10 May - Has foreign aid strengthened democratic development?
In what ways do the objectives of development aid and democracy assistance complement or contradict each other? To what extent can donors influence democratic outcomes in fragile states?
Welcome to a ReCom research results meeting – Democracy and Fragility.
Thursday the 10 May 08.30–12.30
At Sida, Valhallavägen 199.
Stockholm Coffee or tea.
This result seminar presents findings from the ReCom - Research and Communication on Foreign Aid programme, undertaken by UNU-WIDER in partnership with Sida and Danida which provide financial support to the programme. The Danish Institute for International Studies (DIIS) also participates in ReCom. UNU-WIDER implements ReCom in collaboration with its partners in the North and the South. ReCom research is divided into five distinct, but overlapping, research areas; Growth & Employment, Governance & Fragility, Gender Equality, Social Sectors and Environment & Climate Change. This results seminar concentrates on the first findings from the Governance & Fragility theme.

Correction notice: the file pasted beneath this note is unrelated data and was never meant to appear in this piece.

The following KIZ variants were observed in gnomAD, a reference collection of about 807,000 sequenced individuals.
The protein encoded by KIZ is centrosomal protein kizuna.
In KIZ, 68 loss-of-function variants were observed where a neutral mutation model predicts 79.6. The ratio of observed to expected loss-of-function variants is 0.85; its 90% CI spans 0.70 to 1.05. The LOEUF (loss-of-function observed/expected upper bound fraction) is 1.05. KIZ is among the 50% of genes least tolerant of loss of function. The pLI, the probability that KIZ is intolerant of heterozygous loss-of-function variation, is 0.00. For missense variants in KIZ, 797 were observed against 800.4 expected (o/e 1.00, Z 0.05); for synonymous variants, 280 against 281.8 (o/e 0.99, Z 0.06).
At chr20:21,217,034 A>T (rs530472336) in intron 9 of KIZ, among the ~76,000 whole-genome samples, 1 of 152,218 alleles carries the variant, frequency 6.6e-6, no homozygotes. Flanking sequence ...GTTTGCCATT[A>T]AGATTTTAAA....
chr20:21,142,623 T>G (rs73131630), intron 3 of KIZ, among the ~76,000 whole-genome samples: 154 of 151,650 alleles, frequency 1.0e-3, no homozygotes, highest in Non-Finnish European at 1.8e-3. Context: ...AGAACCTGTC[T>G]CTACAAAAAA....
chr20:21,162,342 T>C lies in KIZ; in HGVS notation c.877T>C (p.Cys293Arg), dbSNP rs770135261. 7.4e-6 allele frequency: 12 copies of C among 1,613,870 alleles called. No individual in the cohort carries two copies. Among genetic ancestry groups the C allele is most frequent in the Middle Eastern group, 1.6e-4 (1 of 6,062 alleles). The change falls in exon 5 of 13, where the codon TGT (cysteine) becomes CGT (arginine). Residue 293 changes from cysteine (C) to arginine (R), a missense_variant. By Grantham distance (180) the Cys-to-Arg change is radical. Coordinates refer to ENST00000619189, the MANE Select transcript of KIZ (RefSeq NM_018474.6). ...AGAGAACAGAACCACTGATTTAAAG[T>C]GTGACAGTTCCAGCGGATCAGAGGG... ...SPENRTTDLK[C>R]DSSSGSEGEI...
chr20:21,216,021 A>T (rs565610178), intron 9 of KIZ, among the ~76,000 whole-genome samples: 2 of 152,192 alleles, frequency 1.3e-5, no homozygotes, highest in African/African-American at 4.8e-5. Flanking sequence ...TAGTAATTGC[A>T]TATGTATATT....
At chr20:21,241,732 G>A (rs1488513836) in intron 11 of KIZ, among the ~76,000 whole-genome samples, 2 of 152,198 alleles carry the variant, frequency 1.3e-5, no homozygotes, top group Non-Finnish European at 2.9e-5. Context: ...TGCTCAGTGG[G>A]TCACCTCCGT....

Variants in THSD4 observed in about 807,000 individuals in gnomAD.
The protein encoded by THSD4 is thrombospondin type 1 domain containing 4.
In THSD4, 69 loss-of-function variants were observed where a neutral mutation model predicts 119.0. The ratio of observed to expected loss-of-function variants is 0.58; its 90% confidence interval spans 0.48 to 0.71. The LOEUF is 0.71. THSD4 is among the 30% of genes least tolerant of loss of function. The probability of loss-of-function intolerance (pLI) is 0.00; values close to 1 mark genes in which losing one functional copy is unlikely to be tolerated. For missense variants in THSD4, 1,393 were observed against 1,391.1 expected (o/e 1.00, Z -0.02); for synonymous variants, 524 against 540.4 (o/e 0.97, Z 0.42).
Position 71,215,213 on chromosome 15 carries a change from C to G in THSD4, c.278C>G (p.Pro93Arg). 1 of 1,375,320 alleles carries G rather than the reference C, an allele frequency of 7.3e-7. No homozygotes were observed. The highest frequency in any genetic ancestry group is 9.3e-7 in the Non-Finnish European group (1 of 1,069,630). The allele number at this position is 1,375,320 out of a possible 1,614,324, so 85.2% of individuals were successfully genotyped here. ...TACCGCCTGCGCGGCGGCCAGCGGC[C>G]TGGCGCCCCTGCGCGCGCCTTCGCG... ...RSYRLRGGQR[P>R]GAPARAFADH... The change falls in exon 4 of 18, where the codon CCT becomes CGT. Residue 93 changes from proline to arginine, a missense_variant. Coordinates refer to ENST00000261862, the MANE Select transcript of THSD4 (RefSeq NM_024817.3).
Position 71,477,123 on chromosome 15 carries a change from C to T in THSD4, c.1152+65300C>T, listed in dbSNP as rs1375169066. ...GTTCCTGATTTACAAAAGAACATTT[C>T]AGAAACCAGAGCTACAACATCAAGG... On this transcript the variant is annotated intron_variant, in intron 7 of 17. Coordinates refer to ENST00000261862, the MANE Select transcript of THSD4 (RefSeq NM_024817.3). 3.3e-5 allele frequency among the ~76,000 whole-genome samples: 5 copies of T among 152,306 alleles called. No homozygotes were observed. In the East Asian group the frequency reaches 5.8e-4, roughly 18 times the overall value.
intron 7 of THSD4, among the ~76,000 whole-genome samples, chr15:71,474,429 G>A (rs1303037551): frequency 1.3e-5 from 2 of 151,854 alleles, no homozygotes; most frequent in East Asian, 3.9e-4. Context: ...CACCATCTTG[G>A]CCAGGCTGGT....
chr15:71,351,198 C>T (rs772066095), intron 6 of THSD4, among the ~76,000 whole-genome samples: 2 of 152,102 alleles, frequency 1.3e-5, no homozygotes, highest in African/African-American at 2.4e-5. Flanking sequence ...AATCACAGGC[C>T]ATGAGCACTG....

The speakers and their topics are:
- Lena Ingelstam
Director, Department for Global Cooperation, Sida
Welcome and introduction.
- Professor Finn Tarp
Summary of the Governance & Fragility-theme.
- Dr Danielle Resnick
Research Fellow, UNU-WIDER
Foreign aid and democratic consolidation in Africa.
- Professor Nicolas van de Walle
Dept. of Government, Cornell University
Aid and Mali’s Democracy.
- Mr Scott Hubli
Director of Governance Programs at the National Democratic Institute (NDI)
Building Democratic Resilience in Fragile States:
Observations and Lessons Learned of Parliamentary Strengthening.
- Professor David Richards
Dept. of Political Science and Human Rights Institute,
University of Connecticut
Measuring Human Rights: Some Issues and Options.
- Dr Elizabeth Hart
Director of Anti-Corruption Resource Centre, Chr. Michelsen Institute (CMI)
Policy and Practice concerning aid, donors and corruption.
The ReCom programme was launched in 2011 and aims to research, and communicate, what works in development assistance, and what could work—including the potential to scale-up small but successful interventions into larger aid programmes, and transfer successful development models between countries. Through the creation and sharing of this knowledge, ReCom aims to improve aid practice and policy, consequently increasing the benefits of aid for recipient countries.